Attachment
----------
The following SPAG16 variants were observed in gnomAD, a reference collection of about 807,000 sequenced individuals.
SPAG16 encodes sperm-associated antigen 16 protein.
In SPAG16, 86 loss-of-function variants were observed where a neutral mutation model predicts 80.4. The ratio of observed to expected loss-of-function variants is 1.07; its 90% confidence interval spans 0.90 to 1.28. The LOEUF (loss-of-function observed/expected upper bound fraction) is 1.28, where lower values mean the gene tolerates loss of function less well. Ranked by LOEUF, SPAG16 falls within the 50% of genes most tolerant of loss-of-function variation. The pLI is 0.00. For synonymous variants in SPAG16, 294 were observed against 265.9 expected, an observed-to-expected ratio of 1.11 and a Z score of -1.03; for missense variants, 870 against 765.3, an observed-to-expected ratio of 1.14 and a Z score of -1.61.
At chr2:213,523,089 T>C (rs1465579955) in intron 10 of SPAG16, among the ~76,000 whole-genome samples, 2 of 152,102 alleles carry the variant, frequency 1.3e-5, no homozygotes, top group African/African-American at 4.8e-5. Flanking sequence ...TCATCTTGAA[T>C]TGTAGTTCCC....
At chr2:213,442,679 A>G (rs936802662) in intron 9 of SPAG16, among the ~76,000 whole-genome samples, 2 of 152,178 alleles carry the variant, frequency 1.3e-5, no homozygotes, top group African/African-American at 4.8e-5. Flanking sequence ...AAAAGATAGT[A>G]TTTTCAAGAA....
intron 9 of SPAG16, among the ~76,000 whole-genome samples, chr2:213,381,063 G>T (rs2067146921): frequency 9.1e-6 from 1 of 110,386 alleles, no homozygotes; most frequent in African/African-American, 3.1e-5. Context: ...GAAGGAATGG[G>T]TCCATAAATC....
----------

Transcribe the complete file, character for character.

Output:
The following SPAG16 variants were observed in gnomAD, a reference collection of about 807,000 sequenced individuals.
SPAG16 encodes sperm-associated antigen 16 protein.
In SPAG16, 86 loss-of-function variants were observed where a neutral mutation model predicts 80.4. The ratio of observed to expected loss-of-function variants is 1.07; its 90% confidence interval spans 0.90 to 1.28. The LOEUF (loss-of-function observed/expected upper bound fraction) is 1.28, where lower values mean the gene tolerates loss of function less well. Ranked by LOEUF, SPAG16 falls within the 50% of genes most tolerant of loss-of-function variation. The pLI is 0.00. For synonymous variants in SPAG16, 294 were observed against 265.9 expected, an observed-to-expected ratio of 1.11 and a Z score of -1.03; for missense variants, 870 against 765.3, an observed-to-expected ratio of 1.14 and a Z score of -1.61.
At chr2:213,523,089 T>C (rs1465579955) in intron 10 of SPAG16, among the ~76,000 whole-genome samples, 2 of 152,102 alleles carry the variant, frequency 1.3e-5, no homozygotes, top group African/African-American at 4.8e-5. Flanking sequence ...TCATCTTGAA[T>C]TGTAGTTCCC....
At chr2:213,442,679 A>G (rs936802662) in intron 9 of SPAG16, among the ~76,000 whole-genome samples, 2 of 152,178 alleles carry the variant, frequency 1.3e-5, no homozygotes, top group African/African-American at 4.8e-5. Flanking sequence ...AAAAGATAGT[A>G]TTTTCAAGAA....
intron 9 of SPAG16, among the ~76,000 whole-genome samples, chr2:213,381,063 G>T (rs2067146921): frequency 9.1e-6 from 1 of 110,386 alleles, no homozygotes; most frequent in African/African-American, 3.1e-5. Context: ...GAAGGAATGG[G>T]TCCATAAATC....